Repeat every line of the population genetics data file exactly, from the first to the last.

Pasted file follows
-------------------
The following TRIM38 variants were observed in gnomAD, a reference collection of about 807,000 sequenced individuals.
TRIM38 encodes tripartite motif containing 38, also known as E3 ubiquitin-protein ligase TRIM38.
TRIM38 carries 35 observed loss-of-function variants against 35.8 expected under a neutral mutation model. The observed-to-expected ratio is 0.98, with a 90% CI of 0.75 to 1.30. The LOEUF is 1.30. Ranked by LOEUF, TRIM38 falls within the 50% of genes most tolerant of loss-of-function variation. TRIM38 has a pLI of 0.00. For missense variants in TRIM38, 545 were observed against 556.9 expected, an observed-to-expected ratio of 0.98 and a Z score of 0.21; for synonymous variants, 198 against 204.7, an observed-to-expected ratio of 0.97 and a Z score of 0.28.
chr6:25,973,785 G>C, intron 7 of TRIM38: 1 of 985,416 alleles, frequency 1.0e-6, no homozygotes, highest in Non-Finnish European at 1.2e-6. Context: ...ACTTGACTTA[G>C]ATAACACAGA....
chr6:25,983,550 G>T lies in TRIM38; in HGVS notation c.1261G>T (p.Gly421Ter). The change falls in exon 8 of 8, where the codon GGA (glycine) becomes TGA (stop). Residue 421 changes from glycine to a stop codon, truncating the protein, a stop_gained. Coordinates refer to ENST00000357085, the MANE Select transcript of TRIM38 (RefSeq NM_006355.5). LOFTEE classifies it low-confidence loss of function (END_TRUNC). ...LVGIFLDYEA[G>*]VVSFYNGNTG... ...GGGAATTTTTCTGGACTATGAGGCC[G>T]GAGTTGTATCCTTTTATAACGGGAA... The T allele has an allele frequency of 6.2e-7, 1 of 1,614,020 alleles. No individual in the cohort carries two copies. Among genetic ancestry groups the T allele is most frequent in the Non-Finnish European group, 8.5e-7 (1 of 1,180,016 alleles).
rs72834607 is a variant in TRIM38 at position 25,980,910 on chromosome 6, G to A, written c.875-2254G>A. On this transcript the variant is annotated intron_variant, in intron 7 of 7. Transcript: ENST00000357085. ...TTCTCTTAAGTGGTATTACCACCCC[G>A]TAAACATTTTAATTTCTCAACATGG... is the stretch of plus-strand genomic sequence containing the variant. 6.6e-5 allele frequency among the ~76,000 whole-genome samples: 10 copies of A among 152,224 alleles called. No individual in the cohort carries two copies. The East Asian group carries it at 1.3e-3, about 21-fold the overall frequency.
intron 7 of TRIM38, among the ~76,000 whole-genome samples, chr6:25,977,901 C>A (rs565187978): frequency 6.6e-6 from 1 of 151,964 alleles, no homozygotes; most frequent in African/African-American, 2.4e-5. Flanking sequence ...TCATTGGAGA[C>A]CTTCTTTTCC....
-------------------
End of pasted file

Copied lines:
The following TRIM38 variants were observed in gnomAD, a reference collection of about 807,000 sequenced individuals.
TRIM38 encodes tripartite motif containing 38, also known as E3 ubiquitin-protein ligase TRIM38.
TRIM38 carries 35 observed loss-of-function variants against 35.8 expected under a neutral mutation model. The observed-to-expected ratio is 0.98, with a 90% CI of 0.75 to 1.30. The LOEUF is 1.30. Ranked by LOEUF, TRIM38 falls within the 50% of genes most tolerant of loss-of-function variation. TRIM38 has a pLI of 0.00. For missense variants in TRIM38, 545 were observed against 556.9 expected, an observed-to-expected ratio of 0.98 and a Z score of 0.21; for synonymous variants, 198 against 204.7, an observed-to-expected ratio of 0.97 and a Z score of 0.28.
chr6:25,973,785 G>C, intron 7 of TRIM38: 1 of 985,416 alleles, frequency 1.0e-6, no homozygotes, highest in Non-Finnish European at 1.2e-6. Context: ...ACTTGACTTA[G>C]ATAACACAGA....
chr6:25,983,550 G>T lies in TRIM38; in HGVS notation c.1261G>T (p.Gly421Ter). The change falls in exon 8 of 8, where the codon GGA (glycine) becomes TGA (stop). Residue 421 changes from glycine to a stop codon, truncating the protein, a stop_gained. Coordinates refer to ENST00000357085, the MANE Select transcript of TRIM38 (RefSeq NM_006355.5). LOFTEE classifies it low-confidence loss of function (END_TRUNC). ...LVGIFLDYEA[G>*]VVSFYNGNTG... ...GGGAATTTTTCTGGACTATGAGGCC[G>T]GAGTTGTATCCTTTTATAACGGGAA... The T allele has an allele frequency of 6.2e-7, 1 of 1,614,020 alleles. No individual in the cohort carries two copies. Among genetic ancestry groups the T allele is most frequent in the Non-Finnish European group, 8.5e-7 (1 of 1,180,016 alleles).
rs72834607 is a variant in TRIM38 at position 25,980,910 on chromosome 6, G to A, written c.875-2254G>A. On this transcript the variant is annotated intron_variant, in intron 7 of 7. Transcript: ENST00000357085. ...TTCTCTTAAGTGGTATTACCACCCC[G>A]TAAACATTTTAATTTCTCAACATGG... is the stretch of plus-strand genomic sequence containing the variant. 6.6e-5 allele frequency among the ~76,000 whole-genome samples: 10 copies of A among 152,224 alleles called. No individual in the cohort carries two copies. The East Asian group carries it at 1.3e-3, about 21-fold the overall frequency.
intron 7 of TRIM38, among the ~76,000 whole-genome samples, chr6:25,977,901 C>A (rs565187978): frequency 6.6e-6 from 1 of 151,964 alleles, no homozygotes; most frequent in African/African-American, 2.4e-5. Flanking sequence ...TCATTGGAGA[C>A]CTTCTTTTCC....